Tracing the paths of humpback whales

Posted to Visualization  |  Tags: , ,  |  Nathan Yau

For the past ten years, researchers have been tagging hump back whales in the Gulf of Maine with a temporary tracking device called a D-tag. Whereas old tech only recorded location at the surface, the D-tag records depth and orientation allowing researchers to record feeding and diving patterns, which turns out to be pretty unique for each whale.

Scientists hope to use the data to shift fishing and boating policies in the area. Kelly Slivka for the New York Times reports. Be sure to watch the video with the scientists pointing at their computer screens.

2 Comments

Favorites

Pizza Place Geography

Most of the major pizza chains are within a 5-mile …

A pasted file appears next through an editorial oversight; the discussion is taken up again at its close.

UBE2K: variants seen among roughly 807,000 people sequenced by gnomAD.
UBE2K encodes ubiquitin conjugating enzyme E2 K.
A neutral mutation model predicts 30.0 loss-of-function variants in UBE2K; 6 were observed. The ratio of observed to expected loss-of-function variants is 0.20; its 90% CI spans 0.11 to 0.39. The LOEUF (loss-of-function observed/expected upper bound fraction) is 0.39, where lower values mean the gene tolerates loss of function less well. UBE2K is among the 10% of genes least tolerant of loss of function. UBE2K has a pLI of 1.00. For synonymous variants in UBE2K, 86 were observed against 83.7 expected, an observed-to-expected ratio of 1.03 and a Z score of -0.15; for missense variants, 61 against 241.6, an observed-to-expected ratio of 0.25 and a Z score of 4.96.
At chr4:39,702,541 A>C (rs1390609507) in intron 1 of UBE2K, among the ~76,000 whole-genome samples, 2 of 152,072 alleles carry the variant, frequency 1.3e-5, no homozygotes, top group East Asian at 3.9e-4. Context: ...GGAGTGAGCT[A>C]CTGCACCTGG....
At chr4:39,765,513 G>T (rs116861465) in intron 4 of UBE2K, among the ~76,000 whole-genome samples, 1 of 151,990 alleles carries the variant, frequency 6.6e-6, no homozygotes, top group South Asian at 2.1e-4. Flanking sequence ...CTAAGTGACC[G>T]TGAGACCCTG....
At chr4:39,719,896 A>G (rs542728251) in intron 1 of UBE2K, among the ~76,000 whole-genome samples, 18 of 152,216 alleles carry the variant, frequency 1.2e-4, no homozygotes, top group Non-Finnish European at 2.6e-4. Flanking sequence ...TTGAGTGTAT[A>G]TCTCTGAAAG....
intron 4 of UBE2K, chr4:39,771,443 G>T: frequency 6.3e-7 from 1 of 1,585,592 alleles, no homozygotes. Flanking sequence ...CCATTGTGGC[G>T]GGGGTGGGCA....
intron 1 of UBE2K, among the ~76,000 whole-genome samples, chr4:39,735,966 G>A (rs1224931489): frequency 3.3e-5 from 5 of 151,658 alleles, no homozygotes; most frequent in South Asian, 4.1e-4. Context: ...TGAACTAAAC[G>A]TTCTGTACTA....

Unemployment in America, Mapped Over Time

Watch the regional changes across the country from 1990 to 2016.

Interactive: When Do Americans Leave For Work?

We don’t all start our work days at the same time, despite what morning rush hour might have you think.

How You Will Die

So far we’ve seen when you will die and how other people tend to die. Now let’s put the two together to see how and when you will die, given your sex, race, and age.